March Hare?!! Mad about modelling?

Having been born in the city of Edmonton, Canada, I was baffled when a friend told me about the Mad March Hare and suggested my incorporating it into this article. Of course I’m familiar with the March Hare in Alice in Wonderland but isn’t it the Hatter that’s Mad?

So what does google say? The March hare is indeed mad (as a hatter?). Maybe that’s why they make such a good pair. 😉

Hare behavior mostly seen in March include boxing matches, jumping around, running in circles and crazy chases. This madness is the hares mating ritual.

The hare has also become a favourite theme in my clay modelling class and some people are mad about making one. Modelling isn’t restricted to hares. Other animals, the human figure, imaginary characters and monsters or even abstract shapes can be modelled out of clay.

Clay modelling is one of the most rewarding ways of doing sculpture and it is actually quite safe. In contrast, with carving, every thing you do is finite. Once something is removed there is no putting it back.

The beauty of modelling is that you can experiment without committing to what you have tried. If you don’t like it or it doesn’t seem right, you just take it away and try something else. You get to put your hands into the clay and get a feel of the material — push, pull, squeeze — move it around.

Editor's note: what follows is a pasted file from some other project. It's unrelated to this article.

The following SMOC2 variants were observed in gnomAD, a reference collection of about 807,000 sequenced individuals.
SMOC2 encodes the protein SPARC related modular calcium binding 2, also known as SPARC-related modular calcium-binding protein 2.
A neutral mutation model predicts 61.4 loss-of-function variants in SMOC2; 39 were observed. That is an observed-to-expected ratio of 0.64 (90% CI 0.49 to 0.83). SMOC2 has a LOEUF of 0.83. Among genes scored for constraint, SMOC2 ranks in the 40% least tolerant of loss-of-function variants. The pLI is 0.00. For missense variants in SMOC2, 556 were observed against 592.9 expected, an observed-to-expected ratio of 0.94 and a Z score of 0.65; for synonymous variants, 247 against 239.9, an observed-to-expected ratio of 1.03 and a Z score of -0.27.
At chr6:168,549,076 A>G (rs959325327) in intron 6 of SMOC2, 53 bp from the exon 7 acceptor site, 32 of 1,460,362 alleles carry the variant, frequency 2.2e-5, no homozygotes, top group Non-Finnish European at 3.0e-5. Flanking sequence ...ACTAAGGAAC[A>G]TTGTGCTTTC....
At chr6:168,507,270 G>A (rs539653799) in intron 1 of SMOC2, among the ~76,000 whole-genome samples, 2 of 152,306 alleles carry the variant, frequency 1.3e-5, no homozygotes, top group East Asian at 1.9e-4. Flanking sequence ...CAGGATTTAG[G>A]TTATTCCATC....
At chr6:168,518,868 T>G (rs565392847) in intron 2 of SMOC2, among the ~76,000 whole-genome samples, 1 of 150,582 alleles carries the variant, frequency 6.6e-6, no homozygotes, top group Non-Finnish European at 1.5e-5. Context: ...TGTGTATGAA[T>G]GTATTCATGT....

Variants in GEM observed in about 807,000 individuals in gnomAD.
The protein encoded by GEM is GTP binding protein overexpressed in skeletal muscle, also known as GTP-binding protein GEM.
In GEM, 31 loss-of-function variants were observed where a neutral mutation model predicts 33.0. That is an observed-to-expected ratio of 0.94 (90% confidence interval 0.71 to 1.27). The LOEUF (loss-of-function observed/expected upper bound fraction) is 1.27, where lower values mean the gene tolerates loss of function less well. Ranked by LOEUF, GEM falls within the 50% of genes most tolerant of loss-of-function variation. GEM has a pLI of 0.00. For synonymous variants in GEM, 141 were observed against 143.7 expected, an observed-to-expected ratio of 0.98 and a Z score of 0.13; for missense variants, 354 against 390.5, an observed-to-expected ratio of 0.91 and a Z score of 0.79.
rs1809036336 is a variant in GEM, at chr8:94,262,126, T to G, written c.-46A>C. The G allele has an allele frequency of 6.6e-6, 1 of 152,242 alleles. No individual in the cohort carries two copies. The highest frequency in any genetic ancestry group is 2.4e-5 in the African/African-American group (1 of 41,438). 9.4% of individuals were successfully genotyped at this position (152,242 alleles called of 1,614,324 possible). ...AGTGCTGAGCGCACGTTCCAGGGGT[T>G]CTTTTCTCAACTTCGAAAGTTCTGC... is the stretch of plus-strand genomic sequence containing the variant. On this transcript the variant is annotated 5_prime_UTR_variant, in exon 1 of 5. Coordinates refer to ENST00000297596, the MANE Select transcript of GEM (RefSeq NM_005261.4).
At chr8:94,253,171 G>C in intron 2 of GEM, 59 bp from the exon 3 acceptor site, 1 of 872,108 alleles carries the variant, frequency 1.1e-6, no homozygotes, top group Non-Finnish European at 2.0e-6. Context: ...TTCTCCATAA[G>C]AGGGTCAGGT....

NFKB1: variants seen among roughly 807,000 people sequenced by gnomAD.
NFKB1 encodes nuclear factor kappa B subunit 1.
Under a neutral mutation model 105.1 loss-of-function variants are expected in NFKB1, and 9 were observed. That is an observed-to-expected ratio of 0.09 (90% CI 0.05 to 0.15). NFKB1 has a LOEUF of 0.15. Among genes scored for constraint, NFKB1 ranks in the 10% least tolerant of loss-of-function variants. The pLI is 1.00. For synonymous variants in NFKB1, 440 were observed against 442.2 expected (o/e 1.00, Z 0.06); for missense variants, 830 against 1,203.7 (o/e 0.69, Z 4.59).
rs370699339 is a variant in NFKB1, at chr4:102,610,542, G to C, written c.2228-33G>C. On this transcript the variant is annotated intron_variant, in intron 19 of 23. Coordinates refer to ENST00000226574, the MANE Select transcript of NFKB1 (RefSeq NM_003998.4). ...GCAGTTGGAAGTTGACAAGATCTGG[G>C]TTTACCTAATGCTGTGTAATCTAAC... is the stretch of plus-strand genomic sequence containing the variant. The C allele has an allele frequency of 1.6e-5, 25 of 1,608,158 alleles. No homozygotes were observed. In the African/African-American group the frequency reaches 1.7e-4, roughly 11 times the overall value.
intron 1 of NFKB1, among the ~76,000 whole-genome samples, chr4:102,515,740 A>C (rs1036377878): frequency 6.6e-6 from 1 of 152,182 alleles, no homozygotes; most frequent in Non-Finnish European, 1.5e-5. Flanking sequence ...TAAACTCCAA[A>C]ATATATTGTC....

First, the rough shape is blocked out. Then more detail is added. This is refined, again through adding and taking away, until the piece is ‘declared finished’. It is a very personal process that should not be rushed but enjoyed. It can also be very meditative.

Once the sculpture is completed, it is dryed to leather hard. Then it is cut in half and hollowed out. The two halves are joined together and finished again around the seam.

When the sculpture dries it can be fired. Usually I fire slowly to a lower temperature (bisque or bisquit) to give everything the best chance of getting through the firing. (So far everything has come through well.) This also gives the opportunity for further steps such as adding colour before firing to the final temperature.

Here are a couple of quotes from people who have taken my course:

“I thoroughly enjoyed my first attempt at ceramic sculpture.. and was well pleased with the result. I have tried throwing pots on a wheel before but under Esther’s guidance managed to create my arctic hare sculpture.”

“I enjoy Esther’s workshop because all participants have the opportunity to create what they want to make. If you are a beginner, she gives suggestions about what you could make and shows you how to successfully achieve it. If you know what you want to make, she will support you as necessary. I like the freedom of self-directed work and am very thankful for her sensitive guidance when required. She is very inspirational and helpful and the results are beautiful, diverse and express the creativity of the individual members of the group.”

You will be treated to a cup with “Drink me” on it as well.

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